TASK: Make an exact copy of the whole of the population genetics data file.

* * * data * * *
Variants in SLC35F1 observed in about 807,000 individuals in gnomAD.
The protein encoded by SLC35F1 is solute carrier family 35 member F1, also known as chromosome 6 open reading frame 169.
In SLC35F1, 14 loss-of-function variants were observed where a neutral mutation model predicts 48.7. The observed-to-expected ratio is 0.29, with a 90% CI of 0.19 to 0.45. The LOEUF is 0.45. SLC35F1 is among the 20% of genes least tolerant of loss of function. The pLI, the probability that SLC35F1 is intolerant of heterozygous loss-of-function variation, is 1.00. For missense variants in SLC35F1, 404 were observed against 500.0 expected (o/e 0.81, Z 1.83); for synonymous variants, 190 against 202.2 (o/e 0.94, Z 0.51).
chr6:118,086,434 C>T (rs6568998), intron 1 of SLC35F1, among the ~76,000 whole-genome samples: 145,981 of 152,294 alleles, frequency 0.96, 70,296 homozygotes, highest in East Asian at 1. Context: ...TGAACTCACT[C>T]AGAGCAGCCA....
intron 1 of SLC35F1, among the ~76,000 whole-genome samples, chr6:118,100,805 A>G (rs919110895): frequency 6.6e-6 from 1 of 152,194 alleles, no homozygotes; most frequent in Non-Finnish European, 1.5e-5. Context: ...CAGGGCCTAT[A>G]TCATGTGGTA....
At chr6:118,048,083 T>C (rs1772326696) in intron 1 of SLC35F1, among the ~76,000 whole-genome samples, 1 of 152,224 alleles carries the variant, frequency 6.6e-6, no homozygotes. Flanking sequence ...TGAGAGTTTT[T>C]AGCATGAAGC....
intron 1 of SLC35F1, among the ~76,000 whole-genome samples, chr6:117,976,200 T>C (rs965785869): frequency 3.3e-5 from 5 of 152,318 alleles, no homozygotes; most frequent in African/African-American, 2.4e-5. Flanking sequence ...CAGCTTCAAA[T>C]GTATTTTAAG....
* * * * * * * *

Variants in SLC35F1 observed in about 807,000 individuals in gnomAD.
The protein encoded by SLC35F1 is solute carrier family 35 member F1, also known as chromosome 6 open reading frame 169.
In SLC35F1, 14 loss-of-function variants were observed where a neutral mutation model predicts 48.7. The observed-to-expected ratio is 0.29, with a 90% CI of 0.19 to 0.45. The LOEUF is 0.45. SLC35F1 is among the 20% of genes least tolerant of loss of function. The pLI, the probability that SLC35F1 is intolerant of heterozygous loss-of-function variation, is 1.00. For missense variants in SLC35F1, 404 were observed against 500.0 expected (o/e 0.81, Z 1.83); for synonymous variants, 190 against 202.2 (o/e 0.94, Z 0.51).
chr6:118,086,434 C>T (rs6568998), intron 1 of SLC35F1, among the ~76,000 whole-genome samples: 145,981 of 152,294 alleles, frequency 0.96, 70,296 homozygotes, highest in East Asian at 1. Context: ...TGAACTCACT[C>T]AGAGCAGCCA....
intron 1 of SLC35F1, among the ~76,000 whole-genome samples, chr6:118,100,805 A>G (rs919110895): frequency 6.6e-6 from 1 of 152,194 alleles, no homozygotes; most frequent in Non-Finnish European, 1.5e-5. Context: ...CAGGGCCTAT[A>G]TCATGTGGTA....
At chr6:118,048,083 T>C (rs1772326696) in intron 1 of SLC35F1, among the ~76,000 whole-genome samples, 1 of 152,224 alleles carries the variant, frequency 6.6e-6, no homozygotes. Flanking sequence ...TGAGAGTTTT[T>C]AGCATGAAGC....
intron 1 of SLC35F1, among the ~76,000 whole-genome samples, chr6:117,976,200 T>C (rs965785869): frequency 3.3e-5 from 5 of 152,318 alleles, no homozygotes; most frequent in African/African-American, 2.4e-5. Flanking sequence ...CAGCTTCAAA[T>C]GTATTTTAAG....